How pressure-cooking is different from slow-cooking
Pressure cookers are becoming more mainstream, and slow cookers are here to stay. Here's what makes them different from each other and how it's possible now to save time, money and kitchen counter space with all-in-one vessels.
Slow cookers are ideal for cooking at low temperatures for three to eight hours. They're great for:
- Overnight breakfasts
- Foods you don't need to eat right away
- Lentils and legumes
- Bone broth and stock, especially if you want to use it in a recipe the same day
- Meats you want browned then braised
- Steel-cut oatmeal the morning of
- Foods you want to eat very soon
People in the Instant Pot Facebook group I follow (not affiliated with the company, 100,000-plus members) have been giving their vessels a name as if it’s a pet or member of their family. Some have bought additional pots, cooking entire multicourse meals in them. One comment I recently saw wondered if people were this excited when the microwave was invented. Who knew a kitchen appliance could create such community?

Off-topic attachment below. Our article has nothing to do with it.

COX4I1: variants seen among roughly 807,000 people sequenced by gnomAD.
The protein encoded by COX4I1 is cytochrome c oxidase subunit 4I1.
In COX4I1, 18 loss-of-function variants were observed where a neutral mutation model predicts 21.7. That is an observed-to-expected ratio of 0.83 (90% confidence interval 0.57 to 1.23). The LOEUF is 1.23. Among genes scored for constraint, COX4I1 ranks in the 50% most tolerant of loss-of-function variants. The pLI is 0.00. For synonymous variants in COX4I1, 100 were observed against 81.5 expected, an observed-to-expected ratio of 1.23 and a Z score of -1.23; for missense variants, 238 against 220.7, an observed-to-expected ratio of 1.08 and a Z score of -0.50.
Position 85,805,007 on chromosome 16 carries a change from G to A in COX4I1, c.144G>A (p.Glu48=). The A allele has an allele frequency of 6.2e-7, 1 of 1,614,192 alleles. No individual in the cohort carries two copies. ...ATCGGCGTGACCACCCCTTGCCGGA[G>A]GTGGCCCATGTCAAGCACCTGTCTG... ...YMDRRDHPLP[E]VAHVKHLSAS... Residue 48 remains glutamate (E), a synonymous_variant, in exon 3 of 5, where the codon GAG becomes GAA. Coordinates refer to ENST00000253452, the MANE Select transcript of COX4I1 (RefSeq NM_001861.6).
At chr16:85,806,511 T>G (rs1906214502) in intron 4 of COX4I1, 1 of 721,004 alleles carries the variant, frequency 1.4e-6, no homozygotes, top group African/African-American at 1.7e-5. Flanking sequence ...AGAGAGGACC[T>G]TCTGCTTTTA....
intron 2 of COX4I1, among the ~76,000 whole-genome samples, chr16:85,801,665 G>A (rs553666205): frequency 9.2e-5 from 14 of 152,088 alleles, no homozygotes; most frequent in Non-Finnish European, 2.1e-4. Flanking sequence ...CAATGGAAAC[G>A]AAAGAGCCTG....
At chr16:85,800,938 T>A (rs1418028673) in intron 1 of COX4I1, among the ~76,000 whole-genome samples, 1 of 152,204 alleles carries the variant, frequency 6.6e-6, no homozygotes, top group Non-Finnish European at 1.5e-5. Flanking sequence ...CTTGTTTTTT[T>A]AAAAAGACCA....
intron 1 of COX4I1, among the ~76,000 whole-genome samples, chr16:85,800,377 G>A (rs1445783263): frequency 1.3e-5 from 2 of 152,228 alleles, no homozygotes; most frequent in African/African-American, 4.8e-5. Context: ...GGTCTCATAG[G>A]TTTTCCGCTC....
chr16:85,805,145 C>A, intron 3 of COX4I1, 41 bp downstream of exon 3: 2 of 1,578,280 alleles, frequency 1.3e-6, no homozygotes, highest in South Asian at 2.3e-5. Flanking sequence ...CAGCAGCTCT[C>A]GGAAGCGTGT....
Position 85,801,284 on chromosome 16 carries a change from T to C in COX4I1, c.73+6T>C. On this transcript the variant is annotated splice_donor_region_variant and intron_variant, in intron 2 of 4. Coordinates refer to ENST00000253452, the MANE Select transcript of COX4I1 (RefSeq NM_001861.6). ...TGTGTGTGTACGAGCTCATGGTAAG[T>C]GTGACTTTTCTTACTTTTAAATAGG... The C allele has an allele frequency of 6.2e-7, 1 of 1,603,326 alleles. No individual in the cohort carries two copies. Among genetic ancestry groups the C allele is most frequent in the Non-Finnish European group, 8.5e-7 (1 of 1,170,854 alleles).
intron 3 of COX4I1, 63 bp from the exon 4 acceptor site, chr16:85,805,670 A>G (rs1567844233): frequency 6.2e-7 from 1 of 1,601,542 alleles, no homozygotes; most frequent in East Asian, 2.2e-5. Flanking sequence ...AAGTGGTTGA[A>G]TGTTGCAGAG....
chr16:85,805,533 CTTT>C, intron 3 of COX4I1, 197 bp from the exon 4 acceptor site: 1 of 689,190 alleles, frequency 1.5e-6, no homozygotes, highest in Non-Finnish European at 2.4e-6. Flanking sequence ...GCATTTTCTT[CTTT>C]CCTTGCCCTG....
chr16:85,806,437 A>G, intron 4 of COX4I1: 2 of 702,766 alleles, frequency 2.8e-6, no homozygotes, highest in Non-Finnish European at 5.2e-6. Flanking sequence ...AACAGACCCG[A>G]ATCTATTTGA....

My mom’s 20-year-old stovetop whistles on every day as she prepares basmati rice, lentil curry (dal) or dhoklas and other farsans (steamed Indian savory cakes). My heart is with mine too, as comfortable and easy as it is, but my adventurous spirit lies with the Instant Pot, a seven-in-one pot.